Tobold's Blog
Monday, September 21, 2009
 
Is the MMORPG market saturated?

When I was young, people used to wear buttons saying "What if there was a war and nobody went?". Today I feel more like "What if there was a new MMORPG coming out and nobody cared?". This month is one with lots of new MMORPGs coming out, Aion, Champions Online, Fallen Earth, but apart from the usual suspects who get excited about everything new, the reception in the MMO blogosphere appears to be muted. Personally I checked all three of them out in beta, and they all failed to evoke much emotional response from me. The only one I actually disliked was Fallen Earth, where the controls were even more post-apocalyptic than the rest of the game.

What I found much worse was my personal reaction to Aion and Champions Online. I could clearly see that both of these games are quite good, but I simply felt no desire whatsoever to play them. And it isn't as if I was too busy with any other game to be interested in new games: I do play a bit of World of Warcraft at the moment, but at low intensity, no raiding, no PvP, and only the occasional group.

Compared to the hype and disappointment cycle from last year for Age of Conan and Warhammer Online, maybe the muted reaction of MMORPG players this year is a more reasonable one. But I get a certain vibe that the MMORPG market is so saturated now, that nothing much excites players any more. Maybe the real big releases, like SWTOR and the next Blizzard MMO will bring back the hype. And personally I'm very much interested in Star Trek Online. But I also got a bunch of press releases in my inbox about games nobody is waiting for. On the one side there appears to be nearly too much choice when selecting a MMORPG, with most of the old games still around and a bunch of newcomers. On the other side the majority of these choices are all very similar to each other, with a basic game design around quests and levels and solo combat without challenge.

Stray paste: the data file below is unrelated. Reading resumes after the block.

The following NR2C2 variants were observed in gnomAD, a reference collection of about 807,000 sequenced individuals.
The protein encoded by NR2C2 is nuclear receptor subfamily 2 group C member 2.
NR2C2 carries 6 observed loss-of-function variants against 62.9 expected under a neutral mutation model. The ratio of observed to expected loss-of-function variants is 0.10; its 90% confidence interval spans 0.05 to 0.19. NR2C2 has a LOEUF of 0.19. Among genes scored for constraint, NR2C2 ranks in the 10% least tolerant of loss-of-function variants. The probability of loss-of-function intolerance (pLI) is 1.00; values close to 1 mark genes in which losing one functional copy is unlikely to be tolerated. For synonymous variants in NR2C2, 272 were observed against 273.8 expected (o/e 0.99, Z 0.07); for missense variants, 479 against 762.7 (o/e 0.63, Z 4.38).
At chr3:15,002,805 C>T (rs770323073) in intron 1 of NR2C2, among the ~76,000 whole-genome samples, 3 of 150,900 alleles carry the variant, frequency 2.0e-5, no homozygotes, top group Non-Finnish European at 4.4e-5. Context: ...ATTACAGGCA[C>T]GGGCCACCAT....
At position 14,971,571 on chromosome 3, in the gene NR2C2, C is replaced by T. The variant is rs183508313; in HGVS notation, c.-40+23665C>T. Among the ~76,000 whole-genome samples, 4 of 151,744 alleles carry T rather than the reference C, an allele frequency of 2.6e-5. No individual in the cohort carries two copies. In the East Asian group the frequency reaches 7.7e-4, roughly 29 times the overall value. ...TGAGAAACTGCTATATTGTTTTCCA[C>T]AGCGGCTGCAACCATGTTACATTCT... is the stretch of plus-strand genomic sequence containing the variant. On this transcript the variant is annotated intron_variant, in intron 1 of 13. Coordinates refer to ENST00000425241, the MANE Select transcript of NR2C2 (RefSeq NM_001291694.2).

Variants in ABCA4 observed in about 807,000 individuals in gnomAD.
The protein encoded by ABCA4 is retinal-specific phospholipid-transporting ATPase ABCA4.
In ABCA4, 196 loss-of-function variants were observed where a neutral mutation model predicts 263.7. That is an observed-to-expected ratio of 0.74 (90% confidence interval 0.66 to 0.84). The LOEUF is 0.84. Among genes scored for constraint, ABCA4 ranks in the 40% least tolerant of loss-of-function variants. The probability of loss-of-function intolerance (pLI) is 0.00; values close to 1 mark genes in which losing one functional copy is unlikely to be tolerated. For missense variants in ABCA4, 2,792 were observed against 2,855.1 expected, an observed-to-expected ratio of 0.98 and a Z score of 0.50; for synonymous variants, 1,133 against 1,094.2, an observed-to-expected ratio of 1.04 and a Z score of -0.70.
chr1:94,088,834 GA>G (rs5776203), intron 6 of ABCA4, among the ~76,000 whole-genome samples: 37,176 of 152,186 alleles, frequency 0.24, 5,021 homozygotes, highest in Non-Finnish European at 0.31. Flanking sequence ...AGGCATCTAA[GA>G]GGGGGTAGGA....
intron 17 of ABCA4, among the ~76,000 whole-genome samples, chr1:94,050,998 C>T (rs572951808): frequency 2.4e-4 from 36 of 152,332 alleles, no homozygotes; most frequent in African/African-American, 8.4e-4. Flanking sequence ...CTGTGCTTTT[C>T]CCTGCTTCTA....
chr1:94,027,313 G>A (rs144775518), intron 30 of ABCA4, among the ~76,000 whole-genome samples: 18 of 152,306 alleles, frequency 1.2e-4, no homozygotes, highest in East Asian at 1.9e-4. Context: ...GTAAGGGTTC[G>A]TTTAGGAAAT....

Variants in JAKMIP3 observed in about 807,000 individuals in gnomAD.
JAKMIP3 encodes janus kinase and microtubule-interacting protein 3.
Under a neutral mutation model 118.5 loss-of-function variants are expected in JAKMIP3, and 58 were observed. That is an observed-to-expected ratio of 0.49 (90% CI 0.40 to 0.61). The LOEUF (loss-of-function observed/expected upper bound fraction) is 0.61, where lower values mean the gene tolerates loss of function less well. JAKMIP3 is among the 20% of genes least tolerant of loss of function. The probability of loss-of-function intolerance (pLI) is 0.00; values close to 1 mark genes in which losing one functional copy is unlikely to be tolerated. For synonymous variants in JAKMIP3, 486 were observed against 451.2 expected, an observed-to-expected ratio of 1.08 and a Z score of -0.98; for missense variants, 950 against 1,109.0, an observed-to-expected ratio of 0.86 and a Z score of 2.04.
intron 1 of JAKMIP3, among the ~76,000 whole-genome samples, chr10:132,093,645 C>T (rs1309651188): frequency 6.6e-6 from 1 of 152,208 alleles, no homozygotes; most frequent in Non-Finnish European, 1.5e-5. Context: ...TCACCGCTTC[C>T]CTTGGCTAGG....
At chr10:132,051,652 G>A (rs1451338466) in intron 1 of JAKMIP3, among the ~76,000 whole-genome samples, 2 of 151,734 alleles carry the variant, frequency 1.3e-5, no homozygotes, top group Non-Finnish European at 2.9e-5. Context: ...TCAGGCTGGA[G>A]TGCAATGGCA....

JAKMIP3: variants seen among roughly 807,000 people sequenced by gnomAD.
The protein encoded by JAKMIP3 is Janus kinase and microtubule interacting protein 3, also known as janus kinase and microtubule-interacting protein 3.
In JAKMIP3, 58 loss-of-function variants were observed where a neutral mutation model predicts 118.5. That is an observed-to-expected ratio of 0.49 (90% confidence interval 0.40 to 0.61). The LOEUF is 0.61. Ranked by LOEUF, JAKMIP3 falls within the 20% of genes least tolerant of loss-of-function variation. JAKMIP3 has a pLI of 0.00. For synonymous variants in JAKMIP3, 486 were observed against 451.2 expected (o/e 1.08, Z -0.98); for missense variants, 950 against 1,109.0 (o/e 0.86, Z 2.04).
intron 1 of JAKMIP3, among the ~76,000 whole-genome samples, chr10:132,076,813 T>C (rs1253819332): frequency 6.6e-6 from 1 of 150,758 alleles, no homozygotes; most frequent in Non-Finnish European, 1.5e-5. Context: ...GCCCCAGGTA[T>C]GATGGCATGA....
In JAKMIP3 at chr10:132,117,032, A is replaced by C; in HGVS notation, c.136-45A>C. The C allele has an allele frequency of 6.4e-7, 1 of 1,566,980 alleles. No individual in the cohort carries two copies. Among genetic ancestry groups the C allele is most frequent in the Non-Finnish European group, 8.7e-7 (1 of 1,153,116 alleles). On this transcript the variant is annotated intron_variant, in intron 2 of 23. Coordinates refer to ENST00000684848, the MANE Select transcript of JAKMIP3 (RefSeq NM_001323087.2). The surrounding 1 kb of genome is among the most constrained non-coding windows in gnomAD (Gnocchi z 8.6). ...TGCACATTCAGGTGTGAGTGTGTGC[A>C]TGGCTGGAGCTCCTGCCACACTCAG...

What do you think? Are there too many MMORPGs around now? And are they too similar to each other? Is the MMORPG market too saturated for yet another level-based, quest-guided, standard MMORPG design? What would it take for a game to break out of this circle of apathy and really get people excited?
Comments:
I keep playing WoW for the achievments (that is equipment). But I don't start an MMO, because of achievements.

I start, because I like the setting the classes, the immersion, the world, the credibility; and the feeling of something new !

If you copy what makes WoW great today (the relentless achievement-gathering) you ignore the reasons I'd start to play your MMO.
 
Are there too many MMORPGs around now?

No, never

And are they too similar to each other?

Yes!

Is the MMORPG market too saturated for yet another level-based, quest-guided, standard MMORPG design?

Yes.

What would it take for a game to break out of this circle of apathy and really get people excited?

Look at my last comments in the previous thread :)
 
We need choice and diversity, just like any market.

Not a couple of big names, or heavens forbid, just WoW.

So long as the MMO's are making money, new ones will be released. And people can laugh at how low their subscription numbers are compared to Blizzards, but so long as they are profitable, it doesn't matter :)

What has to stop is designers hanging on Blizzards coattails. They should forge their own niche. How many here would play World War 2 Online, a hardcore, MMO "simulation" with a very steep learning curve? Yet the game has carved out it's own niche, it has low subscription numbers, but it's still soldiering on (*groan*).